What is real ale?
In the early 1970s CAMRA coined the term ‘real ale’ to make it easy for people to differentiate between the bland processed beers being pushed by the big brewers and the traditional beers whose very existence was under threat.
Many pubs and brewers use the term to describe their beers, but, just to keep you confused, they are also called cask beers, cask-conditioned ales or even real beer! In the pub the huge majority of real ales are served using traditional hand-pulls, rather than through modern fonts, but there are some exceptions to this, so if in any doubt, just ask.
What makes real ale ‘real’?
Real ale is a natural product brewed using traditional ingredients and left to mature in the cask (container) from which it is served in the pub through a process called secondary fermentation. It is this process which makes real ale unique amongst beers and develops the wonderful tastes and aromas which processed beers can never provide.
What’s the difference between ‘ale’ and other beers?
There are a huge range of different beer styles, each with different qualities, tastes and strengths, but each falls into one of two main categories; ale or lager. The key difference between ales and lagers is the type of fermentation. Fermentation is the process which turns the fermentable sugars in the malt into alcohol and carbon dioxide. Lagers are made using bottom-fermenting yeast which sinks to the bottom of the fermenting vessel and fermentation takes place at a relatively low temperature. Authentic lagers then undergo a long period of cooled conditioning in special tanks. Ales, which includes bitters, milds, stouts, porters, barley wines, golden ales and old ales, use top-fermenting yeast. The yeast forms a thick head on the top of the fermenting vessel and the process is shorter, more vigorous and carried out at higher temperatures than lager. This is the traditional method of brewing British beer.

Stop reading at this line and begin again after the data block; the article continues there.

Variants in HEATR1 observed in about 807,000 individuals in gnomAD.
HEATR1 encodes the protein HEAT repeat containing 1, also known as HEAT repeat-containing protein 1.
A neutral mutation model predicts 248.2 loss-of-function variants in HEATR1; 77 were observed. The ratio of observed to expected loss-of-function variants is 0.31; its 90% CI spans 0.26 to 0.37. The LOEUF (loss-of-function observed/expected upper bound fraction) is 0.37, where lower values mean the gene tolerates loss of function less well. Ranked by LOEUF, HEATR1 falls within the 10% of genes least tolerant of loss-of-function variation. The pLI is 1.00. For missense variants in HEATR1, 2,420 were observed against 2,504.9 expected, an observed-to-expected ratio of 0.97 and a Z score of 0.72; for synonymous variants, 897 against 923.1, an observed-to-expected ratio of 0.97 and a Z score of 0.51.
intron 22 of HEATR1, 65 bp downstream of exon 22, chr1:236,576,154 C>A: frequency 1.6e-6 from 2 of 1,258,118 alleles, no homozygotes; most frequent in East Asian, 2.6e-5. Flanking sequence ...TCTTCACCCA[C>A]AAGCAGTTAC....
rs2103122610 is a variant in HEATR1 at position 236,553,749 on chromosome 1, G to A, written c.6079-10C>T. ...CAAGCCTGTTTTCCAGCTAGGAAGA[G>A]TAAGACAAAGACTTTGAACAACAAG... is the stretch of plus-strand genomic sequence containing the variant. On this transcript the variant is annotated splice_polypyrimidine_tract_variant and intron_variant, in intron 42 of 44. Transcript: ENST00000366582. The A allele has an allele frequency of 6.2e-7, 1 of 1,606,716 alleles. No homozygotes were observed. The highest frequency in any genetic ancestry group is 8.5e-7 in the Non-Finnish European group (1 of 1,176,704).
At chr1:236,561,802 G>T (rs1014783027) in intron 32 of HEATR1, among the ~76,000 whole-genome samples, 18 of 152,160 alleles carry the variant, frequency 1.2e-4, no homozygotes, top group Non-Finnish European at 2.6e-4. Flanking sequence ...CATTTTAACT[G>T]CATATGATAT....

Why isn’t all beer real?
Real ale is a natural, living product. By its nature this means it has a limited shelf life and needs to be looked after with care in the pub cellar and kept at a certain temperature to enable it to mature and bring out its full flavours for the drinker to enjoy.
Brewery-conditioned, or keg, beer has a longer shelf life as it is not a living product. Basically, after the beer has finished fermentation in the brewery and has been conditioned, it is chilled and filtered to remove all the yeast and then it is pasteurised to make it sterile. This is then put in a sealed container, called a keg, ready to be sent to the pub.
The problem is that removing the yeast and ‘killing off’ the product through pasteurisation also removes a great deal of the taste and aroma associated with real ale.